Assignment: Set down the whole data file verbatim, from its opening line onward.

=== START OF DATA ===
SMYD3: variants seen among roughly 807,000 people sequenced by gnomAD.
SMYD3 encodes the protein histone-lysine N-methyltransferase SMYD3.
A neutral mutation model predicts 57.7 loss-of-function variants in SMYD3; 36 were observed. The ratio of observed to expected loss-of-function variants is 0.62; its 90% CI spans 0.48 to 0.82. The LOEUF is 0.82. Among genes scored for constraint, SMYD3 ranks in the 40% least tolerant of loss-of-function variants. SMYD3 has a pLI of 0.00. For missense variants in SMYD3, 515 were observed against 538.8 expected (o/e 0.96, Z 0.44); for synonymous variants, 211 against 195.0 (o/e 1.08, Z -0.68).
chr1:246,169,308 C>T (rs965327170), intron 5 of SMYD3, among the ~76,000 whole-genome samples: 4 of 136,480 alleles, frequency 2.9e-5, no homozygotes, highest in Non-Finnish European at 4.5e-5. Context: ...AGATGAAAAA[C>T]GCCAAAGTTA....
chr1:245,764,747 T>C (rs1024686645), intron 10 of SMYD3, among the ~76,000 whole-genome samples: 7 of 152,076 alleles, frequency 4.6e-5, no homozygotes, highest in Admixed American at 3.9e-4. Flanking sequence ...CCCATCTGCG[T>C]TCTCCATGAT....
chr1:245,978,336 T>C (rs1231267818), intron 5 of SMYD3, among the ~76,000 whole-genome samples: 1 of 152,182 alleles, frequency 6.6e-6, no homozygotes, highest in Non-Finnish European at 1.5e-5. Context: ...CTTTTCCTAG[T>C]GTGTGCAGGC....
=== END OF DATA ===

SMYD3: variants seen among roughly 807,000 people sequenced by gnomAD.
SMYD3 encodes the protein histone-lysine N-methyltransferase SMYD3.
A neutral mutation model predicts 57.7 loss-of-function variants in SMYD3; 36 were observed. The ratio of observed to expected loss-of-function variants is 0.62; its 90% CI spans 0.48 to 0.82. The LOEUF is 0.82. Among genes scored for constraint, SMYD3 ranks in the 40% least tolerant of loss-of-function variants. SMYD3 has a pLI of 0.00. For missense variants in SMYD3, 515 were observed against 538.8 expected (o/e 0.96, Z 0.44); for synonymous variants, 211 against 195.0 (o/e 1.08, Z -0.68).
chr1:246,169,308 C>T (rs965327170), intron 5 of SMYD3, among the ~76,000 whole-genome samples: 4 of 136,480 alleles, frequency 2.9e-5, no homozygotes, highest in Non-Finnish European at 4.5e-5. Context: ...AGATGAAAAA[C>T]GCCAAAGTTA....
chr1:245,764,747 T>C (rs1024686645), intron 10 of SMYD3, among the ~76,000 whole-genome samples: 7 of 152,076 alleles, frequency 4.6e-5, no homozygotes, highest in Admixed American at 3.9e-4. Flanking sequence ...CCCATCTGCG[T>C]TCTCCATGAT....
chr1:245,978,336 T>C (rs1231267818), intron 5 of SMYD3, among the ~76,000 whole-genome samples: 1 of 152,182 alleles, frequency 6.6e-6, no homozygotes, highest in Non-Finnish European at 1.5e-5. Context: ...CTTTTCCTAG[T>C]GTGTGCAGGC....